Lagos, Nigeria. Two words that evoke polarized emotions! Some people who have lived here for decades think it is great. Others, mostly short-term expatriates and business visitors, can’t wait to leave. After 13 years here, travelling in and out of the country sometimes three of four times a month, I can understand both points of view, but must stress that it is just not as bad as many make out! Security concerns are, I reckon, overblown – which doesn’t mean you throw caution to the winds and walk through Mushin at night with your new Rolex on display! Be aware, as they say.
Arriving on an international flight at Lagos airport can be a real test of one’s sense of humour/patience/sanity, but not necessarily in that order. Whatever they do to “improve” the place seems to backfire, and as one queues for ages for immigration, one has more than enough time to figure out how they could do it differently to make it easier for passengers. Just don’t ask “why didn’t they…..?”, it’s not worth it. And don’t point out the problems to any of the immigration facilities, nothing you can say will improve matters, and you might find you have committed some felony by opening your mouth.
Grin and bear it. Most flights from Europe, plus SAA, arrive in Lagos in the early evening, and the airport is hot and chaotic – for that reason don’t wear thick clothes (you don’t need them in Lagos anyway, at any time), and take a good book to read in the queue.
Through immigration, take a car hire (with driver, don’t even think of driving yourself, you’ll soon find out why) from one of the big names in the arrivals hall. There are dozens of touts offering taxis, ignore the lot of them, their cars are rubbish. And you never do know whether they are safe (be aware….). Keep your car doors locked at all time. You can also exchange money at the Bureau de Change in the airport – touts are, again, outside, and to be avoided, for fear of fake notes, not to mention the police.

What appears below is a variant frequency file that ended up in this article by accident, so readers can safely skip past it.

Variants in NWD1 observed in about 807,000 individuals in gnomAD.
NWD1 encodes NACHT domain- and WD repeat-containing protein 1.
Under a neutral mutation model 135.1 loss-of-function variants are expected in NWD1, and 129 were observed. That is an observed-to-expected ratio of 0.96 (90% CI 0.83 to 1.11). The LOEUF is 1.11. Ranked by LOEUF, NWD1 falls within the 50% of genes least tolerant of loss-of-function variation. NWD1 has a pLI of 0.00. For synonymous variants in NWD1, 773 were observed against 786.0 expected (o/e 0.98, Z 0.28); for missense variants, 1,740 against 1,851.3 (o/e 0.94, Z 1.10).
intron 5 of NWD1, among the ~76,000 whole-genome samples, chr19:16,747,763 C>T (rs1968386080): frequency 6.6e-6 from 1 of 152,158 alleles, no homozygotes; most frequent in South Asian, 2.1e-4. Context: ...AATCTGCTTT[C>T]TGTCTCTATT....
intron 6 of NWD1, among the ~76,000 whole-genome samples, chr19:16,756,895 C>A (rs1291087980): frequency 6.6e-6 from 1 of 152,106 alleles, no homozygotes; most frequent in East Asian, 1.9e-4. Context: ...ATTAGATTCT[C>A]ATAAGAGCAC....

On the road in your taxi, you’ll see why driving itself is not recommended! The roads are incredibly congested for most of the time. And it is to be doubted whether the driving test (Ed. You think they took a driving test?!) included anything about lane discipline, or consideration for other road users. So, sit back, with that good book you brought, and let the driver fight it out. The airport is in the north of the city, where there are a lot of businesses, industrial concerns, all the airlines and the Lagos State government – if that’s where you need to be, it is a 20 minute drive from the international terminal – or make that an hour in heavy traffic!
Hotels in Ikeja include the Sheraton, currently undergoing a complete face lift, 3 Protea hotels and a couple of Best Westerns, plus a brace of Ibis hotels. Under construction are a Renaissance, possibly opening in 2016, and a Marriott, slated for 2018.
Downtown Lagos, which is Victoria Island (VI), Ikoyi, Lagos Island and Lekki, is where most of the business activity is located, and consequently the main hotels, restaurants, bars and other leisure spaces. To get there, your driver will take you across the Third Mainland Bridge, an awesome piece of engineering, from which you will see the lagoon that characterizes Lagos – wherever you look, you see water. It was once a very beautiful city, of which you sometimes see glimpses.